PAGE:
-- Boston Globe
"Umrigar renders a vivid portrait of modern-day India as she meditates upon the power of friendship, loyalty, and love. Like her previous works, The World We Found is eloquent and evocative, bitter and sweet."
-- Booklist (starred review)
Praise for The Weight of Heaven:
"The landscape and culture . . . [are] evocatively depicted . . . And such drama! . . . We're pulled along by the intensity of this sweepingly cinematic story."
"Powerful . . . Twisty, brimming with dark humor and keen moral insight, The Weight of Heaven packs a wallop on both a literary and emotional level . . . Umrigar is a master of delineating the ethical lines Frank and Ellie cross, with, at least at first, the best of intentions . . . Umrigar, a journalist for the Boston Globe, is a descriptive master."
-- Christian Science Monitor
"Umrigar carries a burden as heavy as the title by using a tale of personal tragedy to depict the balance of power in global economics . . . Her observations are dispassionate and astute enough to deliver at both levels. This is a morality tale tuned to our times."
-- Cleveland Plain Dealer
"Umrigar continues her exploration of cultural divides in this beautifully written and incisive novel about an American couple's experience in India . . . Umrigar digs into the effects of grief on a relationship and the many facets of culture clash -- especially American capitalism's impact on a poor country -- but it is the tale of how Frank's interest in Ramesh veers into obsession and comes to a devastating end that provides the gripping through line. Umrigar establishes herself as a singularly gifted storyteller."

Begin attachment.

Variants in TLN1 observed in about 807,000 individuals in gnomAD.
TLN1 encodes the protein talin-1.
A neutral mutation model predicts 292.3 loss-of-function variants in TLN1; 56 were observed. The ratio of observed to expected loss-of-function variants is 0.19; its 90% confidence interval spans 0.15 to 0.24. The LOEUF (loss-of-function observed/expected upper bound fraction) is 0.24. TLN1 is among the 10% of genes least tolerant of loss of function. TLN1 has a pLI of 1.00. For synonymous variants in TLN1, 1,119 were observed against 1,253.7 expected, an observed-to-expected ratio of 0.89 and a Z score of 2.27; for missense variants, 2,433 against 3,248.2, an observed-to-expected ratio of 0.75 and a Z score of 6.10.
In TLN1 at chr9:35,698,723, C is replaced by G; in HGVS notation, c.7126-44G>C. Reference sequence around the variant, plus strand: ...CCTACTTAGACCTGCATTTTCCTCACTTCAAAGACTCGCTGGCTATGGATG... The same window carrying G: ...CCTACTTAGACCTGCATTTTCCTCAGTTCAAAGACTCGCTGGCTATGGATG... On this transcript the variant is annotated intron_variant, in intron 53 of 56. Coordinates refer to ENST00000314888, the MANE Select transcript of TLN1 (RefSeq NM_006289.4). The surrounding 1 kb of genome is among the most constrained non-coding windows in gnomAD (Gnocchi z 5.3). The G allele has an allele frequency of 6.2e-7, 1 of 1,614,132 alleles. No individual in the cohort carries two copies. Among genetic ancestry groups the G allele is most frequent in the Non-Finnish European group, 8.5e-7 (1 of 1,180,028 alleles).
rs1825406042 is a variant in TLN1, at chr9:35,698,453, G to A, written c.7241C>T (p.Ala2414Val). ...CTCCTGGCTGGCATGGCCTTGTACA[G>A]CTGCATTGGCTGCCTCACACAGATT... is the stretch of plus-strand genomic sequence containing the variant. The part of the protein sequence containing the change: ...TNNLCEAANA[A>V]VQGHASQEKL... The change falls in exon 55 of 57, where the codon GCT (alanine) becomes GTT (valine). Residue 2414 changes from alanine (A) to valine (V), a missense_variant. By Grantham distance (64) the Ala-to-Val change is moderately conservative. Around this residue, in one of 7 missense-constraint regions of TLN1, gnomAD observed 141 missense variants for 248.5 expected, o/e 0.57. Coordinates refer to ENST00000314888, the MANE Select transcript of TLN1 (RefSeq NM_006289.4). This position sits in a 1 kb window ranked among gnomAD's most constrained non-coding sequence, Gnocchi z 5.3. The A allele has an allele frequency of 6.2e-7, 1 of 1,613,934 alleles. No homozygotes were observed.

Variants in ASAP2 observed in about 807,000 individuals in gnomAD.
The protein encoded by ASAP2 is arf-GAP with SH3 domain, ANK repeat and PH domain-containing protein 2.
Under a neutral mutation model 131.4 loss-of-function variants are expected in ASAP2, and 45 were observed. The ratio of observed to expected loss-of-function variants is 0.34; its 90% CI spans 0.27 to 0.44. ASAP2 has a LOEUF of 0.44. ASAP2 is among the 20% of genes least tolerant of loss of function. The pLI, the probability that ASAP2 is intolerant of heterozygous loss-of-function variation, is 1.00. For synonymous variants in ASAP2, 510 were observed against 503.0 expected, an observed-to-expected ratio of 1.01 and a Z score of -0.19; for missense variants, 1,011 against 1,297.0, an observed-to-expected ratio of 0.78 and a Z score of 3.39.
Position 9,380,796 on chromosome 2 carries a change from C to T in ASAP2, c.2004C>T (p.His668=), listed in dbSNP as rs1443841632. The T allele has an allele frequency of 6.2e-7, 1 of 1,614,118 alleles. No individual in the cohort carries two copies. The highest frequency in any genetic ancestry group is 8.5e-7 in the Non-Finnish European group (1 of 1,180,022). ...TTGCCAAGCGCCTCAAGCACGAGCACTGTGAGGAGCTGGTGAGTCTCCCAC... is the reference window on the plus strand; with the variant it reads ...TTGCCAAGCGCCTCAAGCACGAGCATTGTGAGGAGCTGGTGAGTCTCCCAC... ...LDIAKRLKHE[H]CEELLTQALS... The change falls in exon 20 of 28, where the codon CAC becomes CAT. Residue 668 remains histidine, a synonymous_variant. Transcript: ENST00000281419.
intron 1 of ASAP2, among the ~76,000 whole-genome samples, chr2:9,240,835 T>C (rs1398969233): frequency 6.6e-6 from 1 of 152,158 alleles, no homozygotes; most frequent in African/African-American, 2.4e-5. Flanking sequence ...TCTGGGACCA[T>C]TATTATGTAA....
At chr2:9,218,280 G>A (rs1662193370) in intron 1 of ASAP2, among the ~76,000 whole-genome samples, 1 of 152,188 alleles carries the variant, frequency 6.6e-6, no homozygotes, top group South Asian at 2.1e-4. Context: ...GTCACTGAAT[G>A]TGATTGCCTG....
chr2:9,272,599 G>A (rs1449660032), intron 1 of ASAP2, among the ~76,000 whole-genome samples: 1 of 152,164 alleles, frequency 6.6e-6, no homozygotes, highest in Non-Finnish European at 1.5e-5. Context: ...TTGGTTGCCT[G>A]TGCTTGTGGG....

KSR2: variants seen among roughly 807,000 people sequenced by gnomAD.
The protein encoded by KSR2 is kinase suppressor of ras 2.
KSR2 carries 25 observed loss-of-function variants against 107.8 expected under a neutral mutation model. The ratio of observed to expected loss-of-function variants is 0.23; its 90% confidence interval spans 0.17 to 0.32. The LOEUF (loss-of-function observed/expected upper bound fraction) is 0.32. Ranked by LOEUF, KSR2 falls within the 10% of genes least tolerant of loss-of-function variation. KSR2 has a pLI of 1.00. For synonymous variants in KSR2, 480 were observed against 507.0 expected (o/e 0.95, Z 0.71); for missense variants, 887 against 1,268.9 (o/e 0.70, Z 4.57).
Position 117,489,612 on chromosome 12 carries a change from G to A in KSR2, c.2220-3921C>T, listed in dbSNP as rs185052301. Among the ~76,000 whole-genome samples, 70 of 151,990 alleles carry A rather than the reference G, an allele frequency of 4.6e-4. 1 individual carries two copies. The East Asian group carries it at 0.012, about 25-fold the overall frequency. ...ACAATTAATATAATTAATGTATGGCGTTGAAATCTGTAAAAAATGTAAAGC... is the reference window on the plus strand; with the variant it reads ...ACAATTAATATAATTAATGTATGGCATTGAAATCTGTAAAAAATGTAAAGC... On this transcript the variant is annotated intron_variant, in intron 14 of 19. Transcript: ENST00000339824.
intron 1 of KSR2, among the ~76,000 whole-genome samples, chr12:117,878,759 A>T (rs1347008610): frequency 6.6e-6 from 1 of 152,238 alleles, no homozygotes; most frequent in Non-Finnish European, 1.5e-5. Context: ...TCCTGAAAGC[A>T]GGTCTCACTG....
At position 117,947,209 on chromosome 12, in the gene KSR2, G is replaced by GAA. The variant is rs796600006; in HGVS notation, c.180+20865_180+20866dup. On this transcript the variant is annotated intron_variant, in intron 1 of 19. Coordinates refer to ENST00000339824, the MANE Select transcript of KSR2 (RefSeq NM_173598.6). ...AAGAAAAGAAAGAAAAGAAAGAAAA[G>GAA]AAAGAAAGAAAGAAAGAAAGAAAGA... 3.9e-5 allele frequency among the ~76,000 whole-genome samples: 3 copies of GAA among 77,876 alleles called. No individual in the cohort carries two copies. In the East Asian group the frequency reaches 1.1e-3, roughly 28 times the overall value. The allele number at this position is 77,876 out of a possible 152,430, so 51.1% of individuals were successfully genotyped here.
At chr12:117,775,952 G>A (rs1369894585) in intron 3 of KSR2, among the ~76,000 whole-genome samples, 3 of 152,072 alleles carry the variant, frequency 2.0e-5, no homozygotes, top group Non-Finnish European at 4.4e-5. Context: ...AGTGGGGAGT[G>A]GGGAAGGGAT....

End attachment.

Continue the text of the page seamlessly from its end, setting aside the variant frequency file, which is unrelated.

-- Publishers Weekly (starred review)
"Rich prose and vibrant descriptions of India . . . The Weight of Heaven is a bold, beautifully rendered tale of cultures that clash and coalesce."
-- Booklist (starred review)
"Umrigar beautifully illuminates how human relationships are complicated by cultural, geographical, and class divides."
-- More magazine
"Well paced . . . An unflinching portrait of parental bereavement."
-- Kirkus Reviews
"Umrigar . . . finely plumbs the depths of the human heart, from the heights of joy and passion to the very deepest despair. Recommended for all fiction collections."
-- Library Journal
Praise for The Space Between Us:
“Umrigar’s piercing second novel examines the class divide in Bombay through the complex relationship of two women, a middle-class Parsi widow and her longtime servant.”
-- New York Times Paperback Row
“[The Space Between Us] is a great book; I love it . . . I couldn’t stop reading until Bhima had her amazing epiphany of freedom at the edge of the sea. I am so happy for Thrity Umrigar! And proud of her as a woman, too . . . It is so precious to have a book about a woman one rarely even ‘sees’ in society, whether Indian or American.”
-- Alice Walker
“Umrigar is a perceptive and often piercing writer . . . Her portrait of Sera as a woman unable to transcend her middle-class skin feels bracingly honest.”
-- New York Times Book Review
“Thrity Umrigar has created two wonderfully sympathetic characters who do much to make [India’s] complex nature comprehensible . . . This is a story intimately and compassionately told against the sensuous background of everyday life in Bombay . . . The life of the privileged is harshly measured against the life of the powerless, but empathy and compassion are evoked by both strong women, each of whom is forced to make a separate choice. Umrigar is a skilled storyteller, and her memorable characters will live on for a long time.”
-- Frances Itani, Washington Post Book World
“Remarkable . . . What makes The Space Between Us so engrossing is its ability to make readers feel empathy for its subjects . . . To read Umrigar’s novel is to catch a glimpse of a foreign culture, for better and for worse. Yet while the class divide between Bhima and Sera provides much of the conflict in The Space Between Us, it isn’t the only source of disagreement. Class colors everything, but in the end, Umrigar shows, every one of life’s ups and downs are available to us all.”
-- San Francisco Chronicle
“With humanity and suspense, novelist Thrity Umrigar tackles love, loyalty, injustice — and survival.”
-- Marie Claire
“Thrity Umrigar has a striking talent for portraying pain and suffering and the sheer unfairness of life. The result is a vital social comment on contemporary India.”
-- Financial Times
“The Space Between Us is a novel that is hard to forget.”
-- The Times (London)